More than a year after the NSA’s dirty little secrets were exposed to the world, an independent board has looked into the data collection programs created by the intelligence agency and deemed that they’re both “legal and effective in protecting national security.”
Basically, the NSA follows the letter of the law to the smallest of details and not only are these invasive programs completely OK, but they’re also helping fight against enemies of the United States and its partners.
What this new panel claims is exactly what the NSA has been stating for the past year and what other panels before it have found no proof of. As far as the legality of the programs goes, we shouldn’t really be surprised that the rules have been bent in such a way, and loopholes have been set in place to make surveillance practices completely legal, even if they are completely amoral.
The statements come from the Privacy and Civil Liberties Oversight Board, which has been trying to convince everyone that the NSA does nothing wrong for months, especially since it said pretty much the same thing back in January, too.
While the entire “702 program,” namely actions taken by the NSA with the help of the 702 section of the Fisa Amendments Act from 2008, is perfectly OK despite the fact that the intelligence agency is given permission to collect huge amounts of foreign data, alongside American information, the board did question how much the NSA looked into American’s communications.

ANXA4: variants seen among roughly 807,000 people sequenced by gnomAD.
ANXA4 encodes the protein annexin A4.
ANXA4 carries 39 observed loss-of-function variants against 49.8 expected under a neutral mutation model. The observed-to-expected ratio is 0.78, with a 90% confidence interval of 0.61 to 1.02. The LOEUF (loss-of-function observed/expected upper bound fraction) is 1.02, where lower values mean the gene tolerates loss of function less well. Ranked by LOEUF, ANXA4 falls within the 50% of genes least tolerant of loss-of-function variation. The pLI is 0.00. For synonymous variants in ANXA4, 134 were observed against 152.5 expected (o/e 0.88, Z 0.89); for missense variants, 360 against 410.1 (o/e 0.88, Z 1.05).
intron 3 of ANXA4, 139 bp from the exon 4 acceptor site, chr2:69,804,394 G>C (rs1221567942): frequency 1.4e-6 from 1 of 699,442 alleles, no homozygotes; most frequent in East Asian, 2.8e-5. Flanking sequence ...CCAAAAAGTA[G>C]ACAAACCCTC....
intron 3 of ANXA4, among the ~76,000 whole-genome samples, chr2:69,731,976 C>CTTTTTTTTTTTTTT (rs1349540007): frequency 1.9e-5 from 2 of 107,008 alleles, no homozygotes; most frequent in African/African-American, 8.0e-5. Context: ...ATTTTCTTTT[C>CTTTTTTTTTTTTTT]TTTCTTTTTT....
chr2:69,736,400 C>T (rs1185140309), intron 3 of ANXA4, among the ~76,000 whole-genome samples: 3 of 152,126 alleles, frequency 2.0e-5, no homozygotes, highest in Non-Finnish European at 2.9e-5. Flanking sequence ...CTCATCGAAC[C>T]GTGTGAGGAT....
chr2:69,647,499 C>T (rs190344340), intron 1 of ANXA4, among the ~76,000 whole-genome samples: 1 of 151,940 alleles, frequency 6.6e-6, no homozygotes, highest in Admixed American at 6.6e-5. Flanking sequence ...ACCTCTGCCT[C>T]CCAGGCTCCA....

“It has played a key role in discovering and disrupting specific terrorist plots aimed at the United States and other countries,” reads the 200-page long report.
While it did praise the NSA’s effectiveness and the part taken by the data collection programs in fighting terrorism, not even this panel took the agency’s side on one of its biggest lies – the fact that information collected under Section 702 disrupted 54 terrorist plots.
Instead, the panel found that it managed to take down “approximately 30 cases” with this data, something that’s odd considering other panels before it didn’t even manage to find a single case.
Another phrase that sticks out in the report is the claim that the NSA’s data collection under Section 702 can’t be characterized as “in bulk.” “Instead, the program consists entirely of targeting specific persons about whom an individualized determination has been made,” the document reads.
This, of course, is not true, and the NSA has admitted to preferring to collect all phone call metadata, for instance, and looking through it when need arises.
The sad part about this lengthy report is that there’s evidence to contradict all the good opinions about the NSA, and the fact that the critiques brought to the agency are extremely weak.